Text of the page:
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How long does it take to recover from a sprained ankle?

How long it will take to recover from a sprained ankle depends on the severity of the injury. Most ankle sprains are mild and will require nothing more than rest, elevation and over-the-counter analgesics. These sprains will often start to feel better within a few days to a week and resolve completely by six weeks. However, more severe ankle sprains, especially those involving multiple ligaments, may take many weeks to recover, sometimes three months or longer for a full recovery. These injuries may be so painful that the person will need to use crutches for a few days to weeks and may be unable to return to regular activities for longer than that.

Dr. Joe M. Llenos, MD
Family Practitioner

Joe Llenos, MD, from West Valley Medical Group - Caldwell, explains it takes a long time to recover from a sprained ankle because of the slow process of ligament healing. Watch the video to hear more.

Dr. Michael B. Scherb, MD
Foot & Ankle Surgeon

How long it takes to recover from a sprained ankle depends on the type and severity of the ankle sprain.

Broadly speaking, ankle sprains can be classified into low ankle sprains and high ankle sprains. Mild and moderate low ankle sprains usually take about two to six weeks to recover from and get back to strenuous activities, such as sports. Severe low ankle sprains usually take about 6 to 12 weeks of rehab and recovery to get back to strenuous activities. High ankle sprains require a longer period of immobilization. It usually takes about twice as long to recover from a high ankle sprain as it does a low ankle sprain.

It can be difficult to distinguish between the type and severity of ankle sprains, so people should see a doctor to have it appropriately evaluated. Most ankle sprains can be treated without surgery.

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Dr. Greg Halbur, MD
Family Practitioner

The length of time it takes to recover from a sprained ankle depends on the extent of the injury. It can take from 5 days to 12 weeks for a sprained ankle to heal. There are three grades of ankle sprain, ranging from the least severe to a sprain resulting in permanent ankle instability. People can help an ankle sprain to heal faster by resting it as much as possible, wearing an ankle brace to control swelling and stability, applying ice packs and foot elevation.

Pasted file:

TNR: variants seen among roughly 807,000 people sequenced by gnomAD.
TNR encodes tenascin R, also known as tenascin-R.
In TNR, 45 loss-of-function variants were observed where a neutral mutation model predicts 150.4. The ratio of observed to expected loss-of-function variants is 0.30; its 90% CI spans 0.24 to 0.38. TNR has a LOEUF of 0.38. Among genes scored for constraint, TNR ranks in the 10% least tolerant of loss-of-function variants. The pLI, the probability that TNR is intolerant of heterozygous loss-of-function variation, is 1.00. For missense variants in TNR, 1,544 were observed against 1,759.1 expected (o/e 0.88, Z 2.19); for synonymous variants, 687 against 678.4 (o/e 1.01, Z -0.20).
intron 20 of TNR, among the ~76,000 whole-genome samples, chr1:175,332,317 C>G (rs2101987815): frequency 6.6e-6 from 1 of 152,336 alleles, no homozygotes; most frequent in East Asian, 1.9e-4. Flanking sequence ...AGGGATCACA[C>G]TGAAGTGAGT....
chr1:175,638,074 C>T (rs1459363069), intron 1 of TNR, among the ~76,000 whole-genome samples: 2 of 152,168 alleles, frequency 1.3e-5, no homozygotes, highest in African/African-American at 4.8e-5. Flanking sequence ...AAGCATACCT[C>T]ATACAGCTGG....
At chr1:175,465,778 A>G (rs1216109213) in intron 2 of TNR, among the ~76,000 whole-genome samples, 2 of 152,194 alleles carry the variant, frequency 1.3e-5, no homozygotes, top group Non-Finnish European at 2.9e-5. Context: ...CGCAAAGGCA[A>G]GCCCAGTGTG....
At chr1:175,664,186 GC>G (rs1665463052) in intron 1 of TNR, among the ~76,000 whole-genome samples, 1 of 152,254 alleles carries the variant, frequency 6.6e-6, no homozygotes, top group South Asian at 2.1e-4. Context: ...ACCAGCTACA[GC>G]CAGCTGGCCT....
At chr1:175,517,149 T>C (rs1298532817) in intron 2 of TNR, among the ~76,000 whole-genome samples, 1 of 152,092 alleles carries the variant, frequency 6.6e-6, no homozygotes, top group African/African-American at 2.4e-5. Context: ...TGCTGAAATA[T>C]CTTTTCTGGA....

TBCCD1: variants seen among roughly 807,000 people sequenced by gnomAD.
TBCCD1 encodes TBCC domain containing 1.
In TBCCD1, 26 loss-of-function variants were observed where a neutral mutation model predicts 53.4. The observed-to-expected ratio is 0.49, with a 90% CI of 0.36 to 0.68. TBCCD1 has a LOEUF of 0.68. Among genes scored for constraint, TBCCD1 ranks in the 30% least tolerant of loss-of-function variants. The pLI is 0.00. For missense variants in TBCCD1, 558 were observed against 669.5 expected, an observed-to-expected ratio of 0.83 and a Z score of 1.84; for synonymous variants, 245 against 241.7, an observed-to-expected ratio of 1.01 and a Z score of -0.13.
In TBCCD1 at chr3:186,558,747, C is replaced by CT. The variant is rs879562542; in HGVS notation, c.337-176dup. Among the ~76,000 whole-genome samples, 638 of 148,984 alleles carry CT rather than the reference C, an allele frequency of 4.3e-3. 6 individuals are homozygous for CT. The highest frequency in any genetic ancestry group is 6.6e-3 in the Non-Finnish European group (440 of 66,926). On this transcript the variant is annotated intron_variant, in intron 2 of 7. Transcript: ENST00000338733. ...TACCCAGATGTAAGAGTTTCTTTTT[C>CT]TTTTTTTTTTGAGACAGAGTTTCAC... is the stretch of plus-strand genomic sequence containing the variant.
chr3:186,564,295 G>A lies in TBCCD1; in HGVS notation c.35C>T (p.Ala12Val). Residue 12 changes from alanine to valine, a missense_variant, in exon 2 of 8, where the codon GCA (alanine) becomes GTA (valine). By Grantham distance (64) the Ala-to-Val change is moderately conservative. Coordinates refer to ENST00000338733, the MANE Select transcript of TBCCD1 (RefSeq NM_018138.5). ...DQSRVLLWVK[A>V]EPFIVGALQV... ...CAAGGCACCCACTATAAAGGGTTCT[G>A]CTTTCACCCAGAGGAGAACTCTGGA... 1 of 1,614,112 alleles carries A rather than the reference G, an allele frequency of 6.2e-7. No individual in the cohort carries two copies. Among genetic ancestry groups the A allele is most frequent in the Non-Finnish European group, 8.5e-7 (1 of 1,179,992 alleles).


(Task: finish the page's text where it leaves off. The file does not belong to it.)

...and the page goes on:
Trinity Health is a Catholic health care organization that acts in accordance with the Catholic tradition and does not condone or support all practices covered in this site. In case of emergency call 911. This site is educational and not a substitute for professional medical advice, always seek the advice of a qualified healthcare provider.

Dr. Holman Chan, MD
Foot & Ankle Surgeon

How long it takes to recover from a sprained ankle can be from one week to one year, says Holman Chan, MD, an orthopedic surgeon at Sunrise Hospital. In this video, he says that a follow-up visit can help doctors determine more about your recovery.

It usually takes 5 to 14 days to recover from a grade one ankle sprain. This is when slight stretching and damage occurs to the ligaments. With a grade one sprain, there is slight instability, pain, swelling, joint stiffness and trouble walking.

Grade two sprains can take 4 to 6 weeks to heal. This involves partial tearing of the ligaments. Signs of a grade two sprain include instability, moderate to severe pain, swelling, stiffness and possible bruising.

Grade three sprains can take 8 to 12 weeks to heal. This is a complete tear of the ligament. With grade three sprains, there is a lot of instability within the joint, severe pain when the injury occurs and no pain after injury, severe swelling and excessive bruising.

This answer provided for NATA by the California University of Pennsylvania Athletic Training Education Program.

Dr. Andrew S. Levy, MD
Sports Medicine Specialist

Rate of recovery depends on severity of sprain, optimal treatment, therapy and whether there was any additional damage to the joint surface. Most sprains recover by 6 weeks with good treatment.

Continue Learning about Sprains and Strains

Important: This content reflects information from various individuals and organizations and may offer alternative or opposing points of view. It should not be used for medical advice, diagnosis or treatment. As always, you should consult with your healthcare provider about your specific health needs.